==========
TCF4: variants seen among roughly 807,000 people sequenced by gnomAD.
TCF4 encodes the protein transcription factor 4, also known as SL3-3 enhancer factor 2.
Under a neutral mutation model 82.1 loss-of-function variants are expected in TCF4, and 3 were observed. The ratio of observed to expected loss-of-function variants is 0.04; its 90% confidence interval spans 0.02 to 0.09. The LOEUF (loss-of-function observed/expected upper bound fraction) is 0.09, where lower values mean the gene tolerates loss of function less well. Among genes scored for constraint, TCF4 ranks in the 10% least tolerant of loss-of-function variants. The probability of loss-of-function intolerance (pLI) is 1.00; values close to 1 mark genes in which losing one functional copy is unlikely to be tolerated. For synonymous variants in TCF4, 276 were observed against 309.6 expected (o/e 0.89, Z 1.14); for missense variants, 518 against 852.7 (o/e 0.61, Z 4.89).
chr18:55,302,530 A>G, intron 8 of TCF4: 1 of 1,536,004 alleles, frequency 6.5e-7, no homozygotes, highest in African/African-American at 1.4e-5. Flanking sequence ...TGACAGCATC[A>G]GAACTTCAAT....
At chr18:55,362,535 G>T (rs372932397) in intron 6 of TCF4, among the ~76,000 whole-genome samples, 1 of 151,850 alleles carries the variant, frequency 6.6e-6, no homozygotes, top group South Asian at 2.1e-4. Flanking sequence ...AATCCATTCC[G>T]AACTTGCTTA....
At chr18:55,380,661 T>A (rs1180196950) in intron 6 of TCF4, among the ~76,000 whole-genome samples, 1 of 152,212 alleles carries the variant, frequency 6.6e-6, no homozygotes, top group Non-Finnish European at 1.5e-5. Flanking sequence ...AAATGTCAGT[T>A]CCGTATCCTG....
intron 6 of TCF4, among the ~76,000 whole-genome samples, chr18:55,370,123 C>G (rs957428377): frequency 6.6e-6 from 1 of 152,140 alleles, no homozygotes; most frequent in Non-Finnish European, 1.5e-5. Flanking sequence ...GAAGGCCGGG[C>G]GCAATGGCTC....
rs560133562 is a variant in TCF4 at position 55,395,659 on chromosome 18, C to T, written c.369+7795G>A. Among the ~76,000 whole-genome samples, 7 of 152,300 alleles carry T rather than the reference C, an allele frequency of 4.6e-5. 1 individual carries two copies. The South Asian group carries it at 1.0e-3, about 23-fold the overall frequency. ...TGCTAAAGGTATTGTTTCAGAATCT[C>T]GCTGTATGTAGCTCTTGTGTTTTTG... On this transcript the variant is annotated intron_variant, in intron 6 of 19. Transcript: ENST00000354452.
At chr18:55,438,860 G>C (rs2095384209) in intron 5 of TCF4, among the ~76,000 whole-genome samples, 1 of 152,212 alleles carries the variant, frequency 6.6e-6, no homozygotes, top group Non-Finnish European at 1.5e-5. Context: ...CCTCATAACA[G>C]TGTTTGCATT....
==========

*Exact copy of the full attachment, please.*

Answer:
TCF4: variants seen among roughly 807,000 people sequenced by gnomAD.
TCF4 encodes the protein transcription factor 4, also known as SL3-3 enhancer factor 2.
Under a neutral mutation model 82.1 loss-of-function variants are expected in TCF4, and 3 were observed. The ratio of observed to expected loss-of-function variants is 0.04; its 90% confidence interval spans 0.02 to 0.09. The LOEUF (loss-of-function observed/expected upper bound fraction) is 0.09, where lower values mean the gene tolerates loss of function less well. Among genes scored for constraint, TCF4 ranks in the 10% least tolerant of loss-of-function variants. The probability of loss-of-function intolerance (pLI) is 1.00; values close to 1 mark genes in which losing one functional copy is unlikely to be tolerated. For synonymous variants in TCF4, 276 were observed against 309.6 expected (o/e 0.89, Z 1.14); for missense variants, 518 against 852.7 (o/e 0.61, Z 4.89).
chr18:55,302,530 A>G, intron 8 of TCF4: 1 of 1,536,004 alleles, frequency 6.5e-7, no homozygotes, highest in African/African-American at 1.4e-5. Flanking sequence ...TGACAGCATC[A>G]GAACTTCAAT....
At chr18:55,362,535 G>T (rs372932397) in intron 6 of TCF4, among the ~76,000 whole-genome samples, 1 of 151,850 alleles carries the variant, frequency 6.6e-6, no homozygotes, top group South Asian at 2.1e-4. Flanking sequence ...AATCCATTCC[G>T]AACTTGCTTA....
At chr18:55,380,661 T>A (rs1180196950) in intron 6 of TCF4, among the ~76,000 whole-genome samples, 1 of 152,212 alleles carries the variant, frequency 6.6e-6, no homozygotes, top group Non-Finnish European at 1.5e-5. Flanking sequence ...AAATGTCAGT[T>A]CCGTATCCTG....
intron 6 of TCF4, among the ~76,000 whole-genome samples, chr18:55,370,123 C>G (rs957428377): frequency 6.6e-6 from 1 of 152,140 alleles, no homozygotes; most frequent in Non-Finnish European, 1.5e-5. Flanking sequence ...GAAGGCCGGG[C>G]GCAATGGCTC....
rs560133562 is a variant in TCF4 at position 55,395,659 on chromosome 18, C to T, written c.369+7795G>A. Among the ~76,000 whole-genome samples, 7 of 152,300 alleles carry T rather than the reference C, an allele frequency of 4.6e-5. 1 individual carries two copies. The South Asian group carries it at 1.0e-3, about 23-fold the overall frequency. ...TGCTAAAGGTATTGTTTCAGAATCT[C>T]GCTGTATGTAGCTCTTGTGTTTTTG... On this transcript the variant is annotated intron_variant, in intron 6 of 19. Transcript: ENST00000354452.
At chr18:55,438,860 G>C (rs2095384209) in intron 5 of TCF4, among the ~76,000 whole-genome samples, 1 of 152,212 alleles carries the variant, frequency 6.6e-6, no homozygotes, top group Non-Finnish European at 1.5e-5. Context: ...CCTCATAACA[G>C]TGTTTGCATT....